A Sense of Community

13 Sep

On Wednesday, September 7, 2011, the area of PA where I live was deluged with the remnants of Tropical Storm Lee.  The timing of the storm couldn’t have been worse because just 10 days earlier, the outer bands of Hurricane Irene gave us 3-6″ of rain.  And from September 3-7 a low pressure system stalled over us giving us about 1-2 inches of rain every day.  So that meant that Lee’s 6-12″ of rain was falling on completely saturated soil.  There was simply no place for the water to go.

My school district is basically divided into 2 halves by the Swatara Creek.  There are some 8 bridges that our buses must cross in order to get the norther tier students home.  On Wednesday, the rain fell at such a rate (4″/hr for over 45 minutes at one point), that all of those bridges closed.  My little town has 7 roads out of town, 5 became closed due to bridge closures.  The Swatara Creek’s flood stage is 7′ and the waters crested on Friday at almost 27′.

My neighborhood is on the Swatara Creek, but most of it is well above the creek others parts of it are not as we all found out.  If you were to come to my development, you would look down the hill at the creek and never fathom that flood waters could reach where they did, yet it happened.  15 or so of my neighbors lost the entire contents of their basements.  1 family also lost their 1st floor.  7 people died in the region, but none from my little town for which we are very grateful.

The point of this blog entry is not to dramatize the flooding, it is to motivate fellow athletic trainers into a sense of community.  You see, the devastation brought many, many gawkers to my neighborhood.  Many just to see what the flooding looked like.  I get that, I took my fair share of pictures and took my kids around to see the devastation because this will only happen once every 30-50 years.

The flooding also brought aggressive business owners (most legit, some maybe not) to offer their services to clean up for a fee.

But best of all, the flooding brought literally hundreds together to volunteer their time to clean up.  On Friday, Saturday and Sunday, several hundred people came to pitch in and help strip wet drywall, haul damaged furniture to the curb, peel back wet carpets and clean up mud.  The sidewalks were piled with mounds of trash.  Each mound of trash represented years of memories and hours of hard work.  It was dirty work, we had dirty hands and our clothes were muddy but we bonded together with a sense of community.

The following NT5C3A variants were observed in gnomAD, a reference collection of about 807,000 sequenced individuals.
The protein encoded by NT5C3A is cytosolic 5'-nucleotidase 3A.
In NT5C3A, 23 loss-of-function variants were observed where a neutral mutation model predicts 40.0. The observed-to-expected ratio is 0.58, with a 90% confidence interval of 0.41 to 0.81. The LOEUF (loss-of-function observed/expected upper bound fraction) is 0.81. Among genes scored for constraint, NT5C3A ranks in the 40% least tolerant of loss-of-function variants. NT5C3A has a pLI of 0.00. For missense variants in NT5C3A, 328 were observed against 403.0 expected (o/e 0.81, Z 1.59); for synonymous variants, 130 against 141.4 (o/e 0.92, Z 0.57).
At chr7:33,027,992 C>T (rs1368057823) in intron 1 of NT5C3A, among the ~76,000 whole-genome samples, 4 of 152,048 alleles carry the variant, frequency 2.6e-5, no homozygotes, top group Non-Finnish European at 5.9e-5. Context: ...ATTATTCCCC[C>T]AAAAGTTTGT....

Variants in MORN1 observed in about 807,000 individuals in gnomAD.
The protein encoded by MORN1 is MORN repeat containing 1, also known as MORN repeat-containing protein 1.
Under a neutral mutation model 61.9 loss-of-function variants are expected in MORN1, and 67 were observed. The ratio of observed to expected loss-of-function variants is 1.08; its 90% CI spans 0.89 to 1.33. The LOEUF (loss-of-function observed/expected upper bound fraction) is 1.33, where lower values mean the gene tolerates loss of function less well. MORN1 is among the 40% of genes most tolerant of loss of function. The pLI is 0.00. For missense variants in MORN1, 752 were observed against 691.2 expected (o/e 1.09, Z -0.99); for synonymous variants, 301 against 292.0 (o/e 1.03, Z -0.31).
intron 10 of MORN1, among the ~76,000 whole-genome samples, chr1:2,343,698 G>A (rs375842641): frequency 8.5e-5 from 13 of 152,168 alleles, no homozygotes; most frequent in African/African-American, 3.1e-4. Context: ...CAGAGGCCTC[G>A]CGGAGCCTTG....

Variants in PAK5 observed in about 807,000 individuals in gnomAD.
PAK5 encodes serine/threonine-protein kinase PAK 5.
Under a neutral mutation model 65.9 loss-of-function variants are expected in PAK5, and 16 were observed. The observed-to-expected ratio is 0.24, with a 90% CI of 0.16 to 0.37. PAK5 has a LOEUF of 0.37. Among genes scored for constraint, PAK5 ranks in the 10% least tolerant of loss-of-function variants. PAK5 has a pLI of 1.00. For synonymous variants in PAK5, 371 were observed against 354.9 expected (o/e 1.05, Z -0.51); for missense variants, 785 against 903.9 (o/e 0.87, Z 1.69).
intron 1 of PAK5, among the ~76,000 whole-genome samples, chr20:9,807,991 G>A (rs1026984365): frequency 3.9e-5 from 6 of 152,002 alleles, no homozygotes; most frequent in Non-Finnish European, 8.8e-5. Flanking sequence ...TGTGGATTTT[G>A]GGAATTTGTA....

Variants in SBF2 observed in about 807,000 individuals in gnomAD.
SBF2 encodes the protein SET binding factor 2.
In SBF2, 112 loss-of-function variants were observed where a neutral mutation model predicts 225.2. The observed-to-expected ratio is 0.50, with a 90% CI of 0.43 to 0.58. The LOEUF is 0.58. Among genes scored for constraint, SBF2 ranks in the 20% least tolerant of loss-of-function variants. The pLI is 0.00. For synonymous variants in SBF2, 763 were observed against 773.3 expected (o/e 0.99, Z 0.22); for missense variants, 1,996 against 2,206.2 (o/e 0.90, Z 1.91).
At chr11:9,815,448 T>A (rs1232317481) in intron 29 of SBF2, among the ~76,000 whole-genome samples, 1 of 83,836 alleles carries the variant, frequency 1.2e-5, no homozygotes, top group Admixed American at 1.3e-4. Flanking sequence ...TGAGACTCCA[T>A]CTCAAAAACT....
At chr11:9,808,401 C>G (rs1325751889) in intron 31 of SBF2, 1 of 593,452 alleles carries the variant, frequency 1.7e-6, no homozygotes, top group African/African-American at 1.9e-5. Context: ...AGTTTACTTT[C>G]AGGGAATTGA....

A tough task faced the homeowners.  I spoke to so many who were so overwhelmed by what the community gave them.  The community gave them a sense of “you are not alone, we are here to help”.  The community gave them a good night’s sleep since the work was done.

It is tough to put into a few words what good deeds were done in my area and the only motivation being that another member of the community was hurting and needed help and we could fill that need.  It simply was the very definition of the word community.

Athletic trainers are a community.  Very few people can understand our unique role in the health care profession, especially in the traditional setting.  Collectively through our national community (NATA), state community (PATS for me) and even for some at the local level (CPATA for me), ATs have done a lot of work to improve the community.  We have fought for better pay, better work conditions, better hours, more respect from our piers in healthcare and in athletic departments.  We have come a long way with our sense of community and brotherhood, but we still have a lot of work to do.

Don’t sit idly by and watch others do the work, get involved.  Get your hands dirty and your clothes muddy.  There is so much work to do that you can do something!  Start at the local level where you will have the most effect.  And the best side effect you will have from all the hard work is an increased sense of community!

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